The Jellicoe Express (Helmsdale)
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- Metal Metal (any)
- First World War (1914-1918)
- Second World War (1939-1945)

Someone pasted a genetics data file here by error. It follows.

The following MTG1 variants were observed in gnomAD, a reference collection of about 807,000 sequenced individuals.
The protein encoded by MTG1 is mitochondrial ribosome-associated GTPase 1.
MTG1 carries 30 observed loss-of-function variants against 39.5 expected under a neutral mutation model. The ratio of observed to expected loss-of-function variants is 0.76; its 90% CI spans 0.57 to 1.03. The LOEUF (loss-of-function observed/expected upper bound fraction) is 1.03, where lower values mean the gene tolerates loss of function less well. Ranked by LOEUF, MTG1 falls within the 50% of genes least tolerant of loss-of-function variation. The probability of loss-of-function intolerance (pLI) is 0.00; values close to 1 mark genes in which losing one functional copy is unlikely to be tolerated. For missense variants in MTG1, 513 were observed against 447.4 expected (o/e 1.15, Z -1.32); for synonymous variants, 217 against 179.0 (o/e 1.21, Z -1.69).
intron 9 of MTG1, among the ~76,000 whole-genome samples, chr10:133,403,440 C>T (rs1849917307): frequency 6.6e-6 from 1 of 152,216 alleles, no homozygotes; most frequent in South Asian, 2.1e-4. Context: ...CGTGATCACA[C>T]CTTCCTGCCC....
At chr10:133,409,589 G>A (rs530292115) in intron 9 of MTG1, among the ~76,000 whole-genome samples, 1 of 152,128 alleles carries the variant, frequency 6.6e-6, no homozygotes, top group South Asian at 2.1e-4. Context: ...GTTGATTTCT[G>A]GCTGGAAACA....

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Plaque-THE JELLICOE EXPREE 1917-2017/The Royal Navy train known as the Jellicoe Express ran between London and Thurso/daily from 1917 during both world wars. Named after Admiral Sir John Jellicoe it/carried service personnel to and from naval bases around the country, including/Scapa Flow. Helmsdale was a water stop in World War One and in World War Two refreshments were provided here by the local Women's Voluntary Service,//This memorial is dedicated to the men and women who travelled and worked on it. Poster 1- The Jellicoe Express-sometimes known as 'The Misery'/The Royal Navy train known as the Jellicoe Express ran/between London and Thurso daily from 1917 until the/end of WW1. Named after Admiral Sir John Jellicoe it/carried military personnel to and from naval bases around/the country, including Scapa Flow. It ran again in World/War II and Helmsdale was a refreshment stop with teas/provided by members of the Women's Voluntary Service/from temporary tea stalls on each/platform.//The plaque to the/right of this door/was unveiled on/30th September/2017, marking the/centenary of the/start of the WW1/Jellicoes//In the waiting room you will find a small display with/recollections from some who travelled and worked/on the service and from volunteers who, at/Helmsdale and other locations along the route/provided/refreshments/[the poster has various illustrations] Poster 2-Helmsdale Women's Voluntary Service (WVS) Tea Stalls/A rating map of the/station shows tea stalls on/both platforms at the/time of WWII. Only one/photo of a tea stall has/been found but the/corner of the platform/signal box on the left/hand edge of the picture/confirms its location on/Platform 1//The trains were packed with servicemen being brought/back from Orkney where they had undergone training./They were frightened but they thought they were/going home; this was a lie they were heading to war//There was a canteen at the station run by Mrs Cowie/and Mrs MacKay: food, drinks and cigarettes were/given free. Annie Cowie (I was going out with her at the time!!!) gave me some of the cigarettes which were/called Jock's Box. They were dreadful! The trains came/in every 2 hours and they carried not just personnel/but also tanks, all kinds of guns and folded up/aeroplanes!//There was a CPO MacKay/here on leave and he got/drunk and went and had a/fight with the soldiers- I/do not know who came off/best!//I was a fireman on the/trains on £1.0.6 a week but/of I took one of these trains/to Inverness then I got an/extra pound!/Geordie Adams//I remember going to the station with/my mother (Mrs Helen Simpson) who/was one of the WVS team. In/appreciation for the refreshments the/officers at Thurso presented the WVS/team with a tea trolley beautifully/engraved to enable refreshments to/be more easily distributed along the/platform/Iain Simpson/[the poster has various illustrations]